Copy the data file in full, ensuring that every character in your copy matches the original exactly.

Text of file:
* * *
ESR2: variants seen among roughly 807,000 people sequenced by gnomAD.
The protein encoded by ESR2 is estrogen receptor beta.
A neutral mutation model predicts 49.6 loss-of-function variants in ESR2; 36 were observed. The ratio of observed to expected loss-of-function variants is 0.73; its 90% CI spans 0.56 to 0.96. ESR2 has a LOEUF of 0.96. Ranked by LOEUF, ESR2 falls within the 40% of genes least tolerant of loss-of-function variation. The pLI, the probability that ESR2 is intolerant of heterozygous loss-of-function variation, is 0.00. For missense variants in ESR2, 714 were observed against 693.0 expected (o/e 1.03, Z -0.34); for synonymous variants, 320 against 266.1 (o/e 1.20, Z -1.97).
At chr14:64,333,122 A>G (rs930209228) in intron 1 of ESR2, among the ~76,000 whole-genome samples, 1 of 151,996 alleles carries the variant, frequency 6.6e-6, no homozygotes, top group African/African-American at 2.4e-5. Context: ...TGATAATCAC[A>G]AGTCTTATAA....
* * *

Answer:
ESR2: variants seen among roughly 807,000 people sequenced by gnomAD.
The protein encoded by ESR2 is estrogen receptor beta.
A neutral mutation model predicts 49.6 loss-of-function variants in ESR2; 36 were observed. The ratio of observed to expected loss-of-function variants is 0.73; its 90% CI spans 0.56 to 0.96. ESR2 has a LOEUF of 0.96. Ranked by LOEUF, ESR2 falls within the 40% of genes least tolerant of loss-of-function variation. The pLI, the probability that ESR2 is intolerant of heterozygous loss-of-function variation, is 0.00. For missense variants in ESR2, 714 were observed against 693.0 expected (o/e 1.03, Z -0.34); for synonymous variants, 320 against 266.1 (o/e 1.20, Z -1.97).
At chr14:64,333,122 A>G (rs930209228) in intron 1 of ESR2, among the ~76,000 whole-genome samples, 1 of 151,996 alleles carries the variant, frequency 6.6e-6, no homozygotes, top group African/African-American at 2.4e-5. Context: ...TGATAATCAC[A>G]AGTCTTATAA....